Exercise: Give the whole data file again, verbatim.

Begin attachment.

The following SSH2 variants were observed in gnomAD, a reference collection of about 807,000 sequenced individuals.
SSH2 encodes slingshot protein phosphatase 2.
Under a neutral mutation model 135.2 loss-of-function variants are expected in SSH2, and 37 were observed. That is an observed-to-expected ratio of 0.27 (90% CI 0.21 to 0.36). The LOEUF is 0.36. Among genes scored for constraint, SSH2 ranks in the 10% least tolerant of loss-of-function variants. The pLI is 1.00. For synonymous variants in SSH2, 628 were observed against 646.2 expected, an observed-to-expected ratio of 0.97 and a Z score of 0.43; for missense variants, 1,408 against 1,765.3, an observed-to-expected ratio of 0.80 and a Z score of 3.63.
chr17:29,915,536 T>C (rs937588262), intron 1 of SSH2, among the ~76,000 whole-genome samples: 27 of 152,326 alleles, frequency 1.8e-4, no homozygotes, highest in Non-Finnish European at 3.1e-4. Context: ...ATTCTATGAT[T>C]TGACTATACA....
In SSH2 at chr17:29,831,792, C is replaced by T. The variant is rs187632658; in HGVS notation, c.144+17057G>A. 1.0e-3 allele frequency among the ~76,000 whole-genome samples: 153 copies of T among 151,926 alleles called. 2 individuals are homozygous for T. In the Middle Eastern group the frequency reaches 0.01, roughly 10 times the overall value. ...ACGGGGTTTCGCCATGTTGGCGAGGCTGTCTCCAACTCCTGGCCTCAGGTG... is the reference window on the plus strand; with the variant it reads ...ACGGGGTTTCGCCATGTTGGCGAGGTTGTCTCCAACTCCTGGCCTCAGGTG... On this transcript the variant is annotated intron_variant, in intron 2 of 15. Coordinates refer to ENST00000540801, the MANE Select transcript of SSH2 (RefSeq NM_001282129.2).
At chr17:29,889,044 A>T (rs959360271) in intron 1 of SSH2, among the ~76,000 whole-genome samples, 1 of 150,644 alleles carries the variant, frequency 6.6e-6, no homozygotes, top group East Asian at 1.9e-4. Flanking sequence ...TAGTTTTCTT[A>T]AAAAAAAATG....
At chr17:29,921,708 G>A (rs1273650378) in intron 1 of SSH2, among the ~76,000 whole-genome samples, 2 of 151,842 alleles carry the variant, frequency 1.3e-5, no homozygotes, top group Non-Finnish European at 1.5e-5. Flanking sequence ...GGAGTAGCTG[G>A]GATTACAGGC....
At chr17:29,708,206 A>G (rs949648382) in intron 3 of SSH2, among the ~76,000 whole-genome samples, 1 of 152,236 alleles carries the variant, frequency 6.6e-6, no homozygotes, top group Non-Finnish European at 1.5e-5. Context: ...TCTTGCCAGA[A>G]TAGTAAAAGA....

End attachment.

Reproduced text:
The following SSH2 variants were observed in gnomAD, a reference collection of about 807,000 sequenced individuals.
SSH2 encodes slingshot protein phosphatase 2.
Under a neutral mutation model 135.2 loss-of-function variants are expected in SSH2, and 37 were observed. That is an observed-to-expected ratio of 0.27 (90% CI 0.21 to 0.36). The LOEUF is 0.36. Among genes scored for constraint, SSH2 ranks in the 10% least tolerant of loss-of-function variants. The pLI is 1.00. For synonymous variants in SSH2, 628 were observed against 646.2 expected, an observed-to-expected ratio of 0.97 and a Z score of 0.43; for missense variants, 1,408 against 1,765.3, an observed-to-expected ratio of 0.80 and a Z score of 3.63.
chr17:29,915,536 T>C (rs937588262), intron 1 of SSH2, among the ~76,000 whole-genome samples: 27 of 152,326 alleles, frequency 1.8e-4, no homozygotes, highest in Non-Finnish European at 3.1e-4. Context: ...ATTCTATGAT[T>C]TGACTATACA....
In SSH2 at chr17:29,831,792, C is replaced by T. The variant is rs187632658; in HGVS notation, c.144+17057G>A. 1.0e-3 allele frequency among the ~76,000 whole-genome samples: 153 copies of T among 151,926 alleles called. 2 individuals are homozygous for T. In the Middle Eastern group the frequency reaches 0.01, roughly 10 times the overall value. ...ACGGGGTTTCGCCATGTTGGCGAGGCTGTCTCCAACTCCTGGCCTCAGGTG... is the reference window on the plus strand; with the variant it reads ...ACGGGGTTTCGCCATGTTGGCGAGGTTGTCTCCAACTCCTGGCCTCAGGTG... On this transcript the variant is annotated intron_variant, in intron 2 of 15. Coordinates refer to ENST00000540801, the MANE Select transcript of SSH2 (RefSeq NM_001282129.2).
At chr17:29,889,044 A>T (rs959360271) in intron 1 of SSH2, among the ~76,000 whole-genome samples, 1 of 150,644 alleles carries the variant, frequency 6.6e-6, no homozygotes, top group East Asian at 1.9e-4. Flanking sequence ...TAGTTTTCTT[A>T]AAAAAAAATG....
At chr17:29,921,708 G>A (rs1273650378) in intron 1 of SSH2, among the ~76,000 whole-genome samples, 2 of 151,842 alleles carry the variant, frequency 1.3e-5, no homozygotes, top group Non-Finnish European at 1.5e-5. Flanking sequence ...GGAGTAGCTG[G>A]GATTACAGGC....
At chr17:29,708,206 A>G (rs949648382) in intron 3 of SSH2, among the ~76,000 whole-genome samples, 1 of 152,236 alleles carries the variant, frequency 6.6e-6, no homozygotes, top group Non-Finnish European at 1.5e-5. Context: ...TCTTGCCAGA[A>G]TAGTAAAAGA....